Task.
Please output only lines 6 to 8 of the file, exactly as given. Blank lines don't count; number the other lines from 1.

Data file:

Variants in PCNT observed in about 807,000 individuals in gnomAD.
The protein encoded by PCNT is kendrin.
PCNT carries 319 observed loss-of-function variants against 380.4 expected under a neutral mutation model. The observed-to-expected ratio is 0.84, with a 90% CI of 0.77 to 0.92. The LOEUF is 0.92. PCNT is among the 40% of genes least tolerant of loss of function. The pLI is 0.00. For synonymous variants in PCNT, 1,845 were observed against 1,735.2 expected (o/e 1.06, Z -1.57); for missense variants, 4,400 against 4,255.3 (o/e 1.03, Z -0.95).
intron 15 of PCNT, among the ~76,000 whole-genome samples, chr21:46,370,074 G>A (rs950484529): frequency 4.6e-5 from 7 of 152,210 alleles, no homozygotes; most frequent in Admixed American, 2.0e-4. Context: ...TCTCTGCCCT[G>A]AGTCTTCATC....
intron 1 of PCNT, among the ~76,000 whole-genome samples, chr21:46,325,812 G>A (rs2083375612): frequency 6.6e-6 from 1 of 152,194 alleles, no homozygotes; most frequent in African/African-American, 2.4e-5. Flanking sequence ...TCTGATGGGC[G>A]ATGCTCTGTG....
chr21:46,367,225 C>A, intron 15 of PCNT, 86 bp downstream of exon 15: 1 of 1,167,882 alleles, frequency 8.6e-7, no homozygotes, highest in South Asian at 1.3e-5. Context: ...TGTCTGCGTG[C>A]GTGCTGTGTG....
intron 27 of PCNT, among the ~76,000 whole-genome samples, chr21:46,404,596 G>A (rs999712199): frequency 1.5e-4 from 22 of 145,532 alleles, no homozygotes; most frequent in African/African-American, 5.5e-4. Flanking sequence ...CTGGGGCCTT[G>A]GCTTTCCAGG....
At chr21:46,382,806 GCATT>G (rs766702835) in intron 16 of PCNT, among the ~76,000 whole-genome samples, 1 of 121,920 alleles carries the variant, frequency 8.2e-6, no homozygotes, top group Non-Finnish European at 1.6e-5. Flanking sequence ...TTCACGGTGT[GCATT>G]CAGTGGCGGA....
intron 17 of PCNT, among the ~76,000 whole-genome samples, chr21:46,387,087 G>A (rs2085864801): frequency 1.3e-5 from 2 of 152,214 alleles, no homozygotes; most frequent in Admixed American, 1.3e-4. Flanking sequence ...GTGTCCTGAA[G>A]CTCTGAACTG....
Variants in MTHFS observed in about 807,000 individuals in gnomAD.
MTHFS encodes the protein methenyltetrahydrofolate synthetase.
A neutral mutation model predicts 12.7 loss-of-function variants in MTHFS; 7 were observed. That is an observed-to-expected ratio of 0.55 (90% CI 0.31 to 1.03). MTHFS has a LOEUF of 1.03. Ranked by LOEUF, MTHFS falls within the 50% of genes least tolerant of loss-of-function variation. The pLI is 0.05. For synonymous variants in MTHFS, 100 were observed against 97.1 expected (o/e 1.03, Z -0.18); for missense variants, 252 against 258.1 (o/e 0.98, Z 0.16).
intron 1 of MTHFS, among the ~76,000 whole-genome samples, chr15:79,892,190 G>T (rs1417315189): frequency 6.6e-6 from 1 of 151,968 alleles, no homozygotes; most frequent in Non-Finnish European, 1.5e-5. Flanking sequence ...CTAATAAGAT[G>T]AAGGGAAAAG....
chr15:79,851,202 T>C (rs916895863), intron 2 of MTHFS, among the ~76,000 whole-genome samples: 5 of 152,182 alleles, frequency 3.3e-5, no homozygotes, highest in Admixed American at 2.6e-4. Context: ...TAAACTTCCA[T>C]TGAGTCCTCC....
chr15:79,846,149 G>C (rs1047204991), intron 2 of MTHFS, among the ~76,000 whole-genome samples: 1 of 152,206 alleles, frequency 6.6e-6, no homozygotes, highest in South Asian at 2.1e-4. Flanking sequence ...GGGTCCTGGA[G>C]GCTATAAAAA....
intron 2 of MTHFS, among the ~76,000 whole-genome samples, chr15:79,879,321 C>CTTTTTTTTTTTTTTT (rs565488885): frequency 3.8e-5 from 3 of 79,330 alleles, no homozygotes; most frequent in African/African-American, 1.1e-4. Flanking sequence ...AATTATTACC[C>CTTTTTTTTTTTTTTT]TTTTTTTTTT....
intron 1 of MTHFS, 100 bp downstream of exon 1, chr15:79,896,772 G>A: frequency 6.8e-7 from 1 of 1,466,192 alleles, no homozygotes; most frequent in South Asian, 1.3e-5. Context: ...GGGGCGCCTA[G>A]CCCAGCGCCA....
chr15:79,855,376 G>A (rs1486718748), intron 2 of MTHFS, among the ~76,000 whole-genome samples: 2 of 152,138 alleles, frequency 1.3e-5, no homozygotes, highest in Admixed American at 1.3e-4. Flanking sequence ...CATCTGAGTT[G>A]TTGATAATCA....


chr21:46,367,225 C>A, intron 15 of PCNT, 86 bp downstream of exon 15: 1 of 1,167,882 alleles, frequency 8.6e-7, no homozygotes, highest in South Asian at 1.3e-5. Context: ...TGTCTGCGTG[C>A]GTGCTGTGTG....
intron 27 of PCNT, among the ~76,000 whole-genome samples, chr21:46,404,596 G>A (rs999712199): frequency 1.5e-4 from 22 of 145,532 alleles, no homozygotes; most frequent in African/African-American, 5.5e-4. Flanking sequence ...CTGGGGCCTT[G>A]GCTTTCCAGG....
At chr21:46,382,806 GCATT>G (rs766702835) in intron 16 of PCNT, among the ~76,000 whole-genome samples, 1 of 121,920 alleles carries the variant, frequency 8.2e-6, no homozygotes, top group Non-Finnish European at 1.6e-5. Flanking sequence ...TTCACGGTGT[GCATT>G]CAGTGGCGGA....